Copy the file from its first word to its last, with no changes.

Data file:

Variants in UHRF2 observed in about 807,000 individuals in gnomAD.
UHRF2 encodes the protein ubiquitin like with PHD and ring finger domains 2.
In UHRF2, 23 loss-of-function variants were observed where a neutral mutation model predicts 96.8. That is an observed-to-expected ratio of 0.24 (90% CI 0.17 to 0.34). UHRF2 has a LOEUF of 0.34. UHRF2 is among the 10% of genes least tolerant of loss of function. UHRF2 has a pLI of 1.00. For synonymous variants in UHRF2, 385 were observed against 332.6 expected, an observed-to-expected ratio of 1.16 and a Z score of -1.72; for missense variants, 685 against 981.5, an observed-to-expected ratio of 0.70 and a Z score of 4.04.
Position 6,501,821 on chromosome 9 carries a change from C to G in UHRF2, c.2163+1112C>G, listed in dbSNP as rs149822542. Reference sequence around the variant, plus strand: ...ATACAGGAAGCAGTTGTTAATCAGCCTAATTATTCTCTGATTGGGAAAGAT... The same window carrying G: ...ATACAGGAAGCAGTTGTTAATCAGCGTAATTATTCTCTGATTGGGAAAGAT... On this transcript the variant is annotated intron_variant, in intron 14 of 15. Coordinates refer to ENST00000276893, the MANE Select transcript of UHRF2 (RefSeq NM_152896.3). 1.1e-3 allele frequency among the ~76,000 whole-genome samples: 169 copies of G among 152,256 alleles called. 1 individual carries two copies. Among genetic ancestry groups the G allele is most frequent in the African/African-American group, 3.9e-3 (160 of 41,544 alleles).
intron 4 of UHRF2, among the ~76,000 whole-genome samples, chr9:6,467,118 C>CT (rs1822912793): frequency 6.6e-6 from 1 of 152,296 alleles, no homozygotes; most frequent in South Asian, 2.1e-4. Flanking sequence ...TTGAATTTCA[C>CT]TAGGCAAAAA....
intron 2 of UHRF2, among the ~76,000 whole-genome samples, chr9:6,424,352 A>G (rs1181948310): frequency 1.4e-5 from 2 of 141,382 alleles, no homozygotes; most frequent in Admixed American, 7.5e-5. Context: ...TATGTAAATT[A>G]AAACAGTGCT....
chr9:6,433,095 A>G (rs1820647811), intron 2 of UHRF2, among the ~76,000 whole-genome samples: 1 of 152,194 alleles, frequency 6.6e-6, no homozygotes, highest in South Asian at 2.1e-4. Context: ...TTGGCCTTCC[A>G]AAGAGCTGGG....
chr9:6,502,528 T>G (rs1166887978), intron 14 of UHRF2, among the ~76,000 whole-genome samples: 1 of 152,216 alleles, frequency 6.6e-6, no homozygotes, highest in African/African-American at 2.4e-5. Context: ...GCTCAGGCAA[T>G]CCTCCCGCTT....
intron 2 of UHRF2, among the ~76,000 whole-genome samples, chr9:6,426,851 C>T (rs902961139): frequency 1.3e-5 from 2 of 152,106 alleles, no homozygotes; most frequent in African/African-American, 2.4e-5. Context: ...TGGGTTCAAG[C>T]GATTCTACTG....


Variants in UHRF2 observed in about 807,000 individuals in gnomAD.
UHRF2 encodes the protein ubiquitin like with PHD and ring finger domains 2.
In UHRF2, 23 loss-of-function variants were observed where a neutral mutation model predicts 96.8. That is an observed-to-expected ratio of 0.24 (90% CI 0.17 to 0.34). UHRF2 has a LOEUF of 0.34. UHRF2 is among the 10% of genes least tolerant of loss of function. UHRF2 has a pLI of 1.00. For synonymous variants in UHRF2, 385 were observed against 332.6 expected, an observed-to-expected ratio of 1.16 and a Z score of -1.72; for missense variants, 685 against 981.5, an observed-to-expected ratio of 0.70 and a Z score of 4.04.
Position 6,501,821 on chromosome 9 carries a change from C to G in UHRF2, c.2163+1112C>G, listed in dbSNP as rs149822542. Reference sequence around the variant, plus strand: ...ATACAGGAAGCAGTTGTTAATCAGCCTAATTATTCTCTGATTGGGAAAGAT... The same window carrying G: ...ATACAGGAAGCAGTTGTTAATCAGCGTAATTATTCTCTGATTGGGAAAGAT... On this transcript the variant is annotated intron_variant, in intron 14 of 15. Coordinates refer to ENST00000276893, the MANE Select transcript of UHRF2 (RefSeq NM_152896.3). 1.1e-3 allele frequency among the ~76,000 whole-genome samples: 169 copies of G among 152,256 alleles called. 1 individual carries two copies. Among genetic ancestry groups the G allele is most frequent in the African/African-American group, 3.9e-3 (160 of 41,544 alleles).
intron 4 of UHRF2, among the ~76,000 whole-genome samples, chr9:6,467,118 C>CT (rs1822912793): frequency 6.6e-6 from 1 of 152,296 alleles, no homozygotes; most frequent in South Asian, 2.1e-4. Flanking sequence ...TTGAATTTCA[C>CT]TAGGCAAAAA....
intron 2 of UHRF2, among the ~76,000 whole-genome samples, chr9:6,424,352 A>G (rs1181948310): frequency 1.4e-5 from 2 of 141,382 alleles, no homozygotes; most frequent in Admixed American, 7.5e-5. Context: ...TATGTAAATT[A>G]AAACAGTGCT....
chr9:6,433,095 A>G (rs1820647811), intron 2 of UHRF2, among the ~76,000 whole-genome samples: 1 of 152,194 alleles, frequency 6.6e-6, no homozygotes, highest in South Asian at 2.1e-4. Context: ...TTGGCCTTCC[A>G]AAGAGCTGGG....
chr9:6,502,528 T>G (rs1166887978), intron 14 of UHRF2, among the ~76,000 whole-genome samples: 1 of 152,216 alleles, frequency 6.6e-6, no homozygotes, highest in African/African-American at 2.4e-5. Context: ...GCTCAGGCAA[T>G]CCTCCCGCTT....
intron 2 of UHRF2, among the ~76,000 whole-genome samples, chr9:6,426,851 C>T (rs902961139): frequency 1.3e-5 from 2 of 152,106 alleles, no homozygotes; most frequent in African/African-American, 2.4e-5. Context: ...TGGGTTCAAG[C>T]GATTCTACTG....